prince and Nastasia Philipovna, divided the crowd, as it were, and before them stood the head of the family, General Ivolgin. He was dressed in evening clothes; his moustache was dyed.
This apparition was too much for Gania. Vain and ambitious almost to morbidness, he had had much to put up with in the last two months, and was seeking feverishly for some means of enabling himself to lead a more presentable kind of existence.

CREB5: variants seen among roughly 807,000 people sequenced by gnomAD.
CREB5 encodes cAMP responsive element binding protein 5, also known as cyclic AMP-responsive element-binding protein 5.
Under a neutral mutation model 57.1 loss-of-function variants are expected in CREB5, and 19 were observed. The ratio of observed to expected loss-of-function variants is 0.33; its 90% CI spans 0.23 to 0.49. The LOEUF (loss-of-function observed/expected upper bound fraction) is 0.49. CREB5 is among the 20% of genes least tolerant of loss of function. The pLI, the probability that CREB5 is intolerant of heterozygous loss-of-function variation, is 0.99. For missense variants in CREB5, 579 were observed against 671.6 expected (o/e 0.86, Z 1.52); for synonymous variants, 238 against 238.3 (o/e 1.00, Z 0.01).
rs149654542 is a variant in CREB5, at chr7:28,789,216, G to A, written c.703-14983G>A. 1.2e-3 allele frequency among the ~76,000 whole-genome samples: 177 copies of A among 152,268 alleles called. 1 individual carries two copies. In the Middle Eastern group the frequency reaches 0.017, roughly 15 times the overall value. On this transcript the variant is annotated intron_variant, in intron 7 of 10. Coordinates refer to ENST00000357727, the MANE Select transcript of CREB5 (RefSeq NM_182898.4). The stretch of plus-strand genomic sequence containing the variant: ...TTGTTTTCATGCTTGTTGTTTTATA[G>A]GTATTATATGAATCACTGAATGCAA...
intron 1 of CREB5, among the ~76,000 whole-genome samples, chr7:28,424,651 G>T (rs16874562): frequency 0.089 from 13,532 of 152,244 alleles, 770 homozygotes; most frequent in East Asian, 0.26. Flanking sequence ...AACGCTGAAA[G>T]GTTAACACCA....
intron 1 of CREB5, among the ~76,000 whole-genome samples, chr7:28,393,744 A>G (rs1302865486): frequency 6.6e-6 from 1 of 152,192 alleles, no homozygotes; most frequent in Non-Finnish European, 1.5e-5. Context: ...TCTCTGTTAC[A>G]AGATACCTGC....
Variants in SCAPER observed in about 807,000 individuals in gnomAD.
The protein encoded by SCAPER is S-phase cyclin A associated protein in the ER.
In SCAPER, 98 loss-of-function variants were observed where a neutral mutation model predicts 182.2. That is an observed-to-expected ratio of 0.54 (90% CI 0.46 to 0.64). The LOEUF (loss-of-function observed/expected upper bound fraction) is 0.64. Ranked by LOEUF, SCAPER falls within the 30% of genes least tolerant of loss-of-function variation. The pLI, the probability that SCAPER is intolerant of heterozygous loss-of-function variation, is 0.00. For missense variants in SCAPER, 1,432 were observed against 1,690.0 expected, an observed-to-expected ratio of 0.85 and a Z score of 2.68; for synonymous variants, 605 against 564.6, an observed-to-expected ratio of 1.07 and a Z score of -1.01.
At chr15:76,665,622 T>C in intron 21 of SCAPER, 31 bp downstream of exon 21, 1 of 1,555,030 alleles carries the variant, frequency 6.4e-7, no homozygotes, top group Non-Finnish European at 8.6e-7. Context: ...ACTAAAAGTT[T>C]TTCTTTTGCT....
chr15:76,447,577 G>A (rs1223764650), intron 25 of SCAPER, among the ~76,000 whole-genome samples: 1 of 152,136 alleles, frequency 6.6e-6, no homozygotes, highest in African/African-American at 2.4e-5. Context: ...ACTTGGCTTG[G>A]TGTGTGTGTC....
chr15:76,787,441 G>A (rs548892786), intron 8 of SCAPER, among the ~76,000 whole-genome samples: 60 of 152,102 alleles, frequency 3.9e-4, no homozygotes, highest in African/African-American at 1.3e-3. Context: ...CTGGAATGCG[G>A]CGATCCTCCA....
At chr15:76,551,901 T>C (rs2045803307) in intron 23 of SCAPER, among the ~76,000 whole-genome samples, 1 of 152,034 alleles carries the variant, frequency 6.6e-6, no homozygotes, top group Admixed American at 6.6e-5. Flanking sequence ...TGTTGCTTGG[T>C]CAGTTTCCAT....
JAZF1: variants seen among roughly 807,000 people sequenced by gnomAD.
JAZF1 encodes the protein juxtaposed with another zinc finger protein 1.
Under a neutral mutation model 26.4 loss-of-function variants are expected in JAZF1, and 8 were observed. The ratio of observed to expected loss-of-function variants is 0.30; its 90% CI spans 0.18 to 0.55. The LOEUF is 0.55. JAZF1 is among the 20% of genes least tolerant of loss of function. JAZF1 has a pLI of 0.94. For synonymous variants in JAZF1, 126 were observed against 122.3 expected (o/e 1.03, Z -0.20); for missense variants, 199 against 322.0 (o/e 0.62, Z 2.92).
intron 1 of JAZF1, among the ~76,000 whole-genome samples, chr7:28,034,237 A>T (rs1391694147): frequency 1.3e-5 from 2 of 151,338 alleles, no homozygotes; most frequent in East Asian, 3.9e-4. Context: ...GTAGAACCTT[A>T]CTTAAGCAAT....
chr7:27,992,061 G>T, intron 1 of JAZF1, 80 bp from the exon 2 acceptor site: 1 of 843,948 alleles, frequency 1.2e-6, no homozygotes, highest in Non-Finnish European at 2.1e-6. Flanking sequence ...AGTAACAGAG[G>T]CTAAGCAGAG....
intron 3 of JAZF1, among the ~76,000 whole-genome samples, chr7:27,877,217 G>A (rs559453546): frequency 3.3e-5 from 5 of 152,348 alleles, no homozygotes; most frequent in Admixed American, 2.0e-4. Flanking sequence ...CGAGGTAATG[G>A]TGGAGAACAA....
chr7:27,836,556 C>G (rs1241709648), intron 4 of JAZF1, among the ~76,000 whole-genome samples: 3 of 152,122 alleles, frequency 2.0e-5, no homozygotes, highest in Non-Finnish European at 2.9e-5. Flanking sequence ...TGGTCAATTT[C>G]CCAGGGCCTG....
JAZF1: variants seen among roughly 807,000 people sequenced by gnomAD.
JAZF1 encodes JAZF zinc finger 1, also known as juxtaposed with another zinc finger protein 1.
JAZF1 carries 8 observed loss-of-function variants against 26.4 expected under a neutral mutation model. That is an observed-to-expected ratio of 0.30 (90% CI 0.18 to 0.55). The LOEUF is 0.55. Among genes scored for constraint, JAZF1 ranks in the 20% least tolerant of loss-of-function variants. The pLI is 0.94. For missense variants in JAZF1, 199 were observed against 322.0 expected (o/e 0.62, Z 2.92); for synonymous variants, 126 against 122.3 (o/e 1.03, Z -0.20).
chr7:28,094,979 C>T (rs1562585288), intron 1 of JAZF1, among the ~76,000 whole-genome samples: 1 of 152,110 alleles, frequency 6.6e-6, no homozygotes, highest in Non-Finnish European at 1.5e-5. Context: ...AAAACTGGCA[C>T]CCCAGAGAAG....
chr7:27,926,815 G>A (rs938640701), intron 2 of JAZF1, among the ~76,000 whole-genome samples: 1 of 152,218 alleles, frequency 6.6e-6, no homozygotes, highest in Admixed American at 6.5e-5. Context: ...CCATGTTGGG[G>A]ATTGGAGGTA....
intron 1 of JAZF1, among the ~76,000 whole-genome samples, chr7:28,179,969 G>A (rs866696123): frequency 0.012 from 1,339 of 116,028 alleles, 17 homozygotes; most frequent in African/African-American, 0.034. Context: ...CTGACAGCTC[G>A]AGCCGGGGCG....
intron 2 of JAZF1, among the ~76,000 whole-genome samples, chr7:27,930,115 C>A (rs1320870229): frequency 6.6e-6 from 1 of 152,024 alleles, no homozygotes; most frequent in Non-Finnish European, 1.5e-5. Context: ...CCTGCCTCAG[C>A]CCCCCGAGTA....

At home, he now adopted an attitude of absolute cynicism, but he could not keep this up before Nastasia Philipovna, although he had sworn to make her pay after marriage for all he suffered now. He was experiencing a last humiliation, the bitterest of all, at this moment — the humiliation of blushing for his own kindred in his own